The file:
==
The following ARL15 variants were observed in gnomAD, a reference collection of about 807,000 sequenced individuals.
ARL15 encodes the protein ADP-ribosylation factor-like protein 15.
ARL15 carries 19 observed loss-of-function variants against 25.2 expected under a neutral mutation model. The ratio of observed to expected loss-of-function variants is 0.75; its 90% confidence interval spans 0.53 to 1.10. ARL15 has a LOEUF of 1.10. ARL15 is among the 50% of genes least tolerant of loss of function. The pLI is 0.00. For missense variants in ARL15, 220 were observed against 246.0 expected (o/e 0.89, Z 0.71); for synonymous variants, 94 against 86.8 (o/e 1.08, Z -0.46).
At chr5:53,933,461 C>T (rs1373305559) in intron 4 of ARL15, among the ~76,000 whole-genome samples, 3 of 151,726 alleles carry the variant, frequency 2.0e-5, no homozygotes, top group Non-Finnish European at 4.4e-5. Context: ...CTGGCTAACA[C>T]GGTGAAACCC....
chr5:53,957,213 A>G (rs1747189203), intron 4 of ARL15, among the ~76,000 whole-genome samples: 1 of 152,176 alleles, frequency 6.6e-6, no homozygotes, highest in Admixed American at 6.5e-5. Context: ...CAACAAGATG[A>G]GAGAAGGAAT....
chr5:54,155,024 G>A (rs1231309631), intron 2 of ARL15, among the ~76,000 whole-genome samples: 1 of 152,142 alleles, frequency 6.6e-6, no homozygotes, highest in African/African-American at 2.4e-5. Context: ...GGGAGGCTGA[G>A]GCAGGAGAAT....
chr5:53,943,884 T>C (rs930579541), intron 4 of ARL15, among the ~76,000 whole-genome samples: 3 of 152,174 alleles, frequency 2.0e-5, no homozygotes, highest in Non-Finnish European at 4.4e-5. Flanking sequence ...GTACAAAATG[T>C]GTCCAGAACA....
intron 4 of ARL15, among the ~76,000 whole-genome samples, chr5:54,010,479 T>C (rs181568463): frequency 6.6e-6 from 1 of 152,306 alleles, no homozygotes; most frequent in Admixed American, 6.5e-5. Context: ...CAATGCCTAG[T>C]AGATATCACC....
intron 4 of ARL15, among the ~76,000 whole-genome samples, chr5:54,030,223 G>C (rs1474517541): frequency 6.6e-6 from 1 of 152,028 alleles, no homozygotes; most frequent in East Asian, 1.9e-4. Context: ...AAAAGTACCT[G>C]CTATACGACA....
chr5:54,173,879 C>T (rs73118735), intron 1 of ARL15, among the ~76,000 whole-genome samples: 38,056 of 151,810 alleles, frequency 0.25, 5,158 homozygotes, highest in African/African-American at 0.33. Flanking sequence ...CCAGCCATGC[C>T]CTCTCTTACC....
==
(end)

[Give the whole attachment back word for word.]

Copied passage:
The following ARL15 variants were observed in gnomAD, a reference collection of about 807,000 sequenced individuals.
ARL15 encodes the protein ADP-ribosylation factor-like protein 15.
ARL15 carries 19 observed loss-of-function variants against 25.2 expected under a neutral mutation model. The ratio of observed to expected loss-of-function variants is 0.75; its 90% confidence interval spans 0.53 to 1.10. ARL15 has a LOEUF of 1.10. ARL15 is among the 50% of genes least tolerant of loss of function. The pLI is 0.00. For missense variants in ARL15, 220 were observed against 246.0 expected (o/e 0.89, Z 0.71); for synonymous variants, 94 against 86.8 (o/e 1.08, Z -0.46).
At chr5:53,933,461 C>T (rs1373305559) in intron 4 of ARL15, among the ~76,000 whole-genome samples, 3 of 151,726 alleles carry the variant, frequency 2.0e-5, no homozygotes, top group Non-Finnish European at 4.4e-5. Context: ...CTGGCTAACA[C>T]GGTGAAACCC....
chr5:53,957,213 A>G (rs1747189203), intron 4 of ARL15, among the ~76,000 whole-genome samples: 1 of 152,176 alleles, frequency 6.6e-6, no homozygotes, highest in Admixed American at 6.5e-5. Context: ...CAACAAGATG[A>G]GAGAAGGAAT....
chr5:54,155,024 G>A (rs1231309631), intron 2 of ARL15, among the ~76,000 whole-genome samples: 1 of 152,142 alleles, frequency 6.6e-6, no homozygotes, highest in African/African-American at 2.4e-5. Context: ...GGGAGGCTGA[G>A]GCAGGAGAAT....
chr5:53,943,884 T>C (rs930579541), intron 4 of ARL15, among the ~76,000 whole-genome samples: 3 of 152,174 alleles, frequency 2.0e-5, no homozygotes, highest in Non-Finnish European at 4.4e-5. Flanking sequence ...GTACAAAATG[T>C]GTCCAGAACA....
intron 4 of ARL15, among the ~76,000 whole-genome samples, chr5:54,010,479 T>C (rs181568463): frequency 6.6e-6 from 1 of 152,306 alleles, no homozygotes; most frequent in Admixed American, 6.5e-5. Context: ...CAATGCCTAG[T>C]AGATATCACC....
intron 4 of ARL15, among the ~76,000 whole-genome samples, chr5:54,030,223 G>C (rs1474517541): frequency 6.6e-6 from 1 of 152,028 alleles, no homozygotes; most frequent in East Asian, 1.9e-4. Context: ...AAAAGTACCT[G>C]CTATACGACA....
chr5:54,173,879 C>T (rs73118735), intron 1 of ARL15, among the ~76,000 whole-genome samples: 38,056 of 151,810 alleles, frequency 0.25, 5,158 homozygotes, highest in African/African-American at 0.33. Flanking sequence ...CCAGCCATGC[C>T]CTCTCTTACC....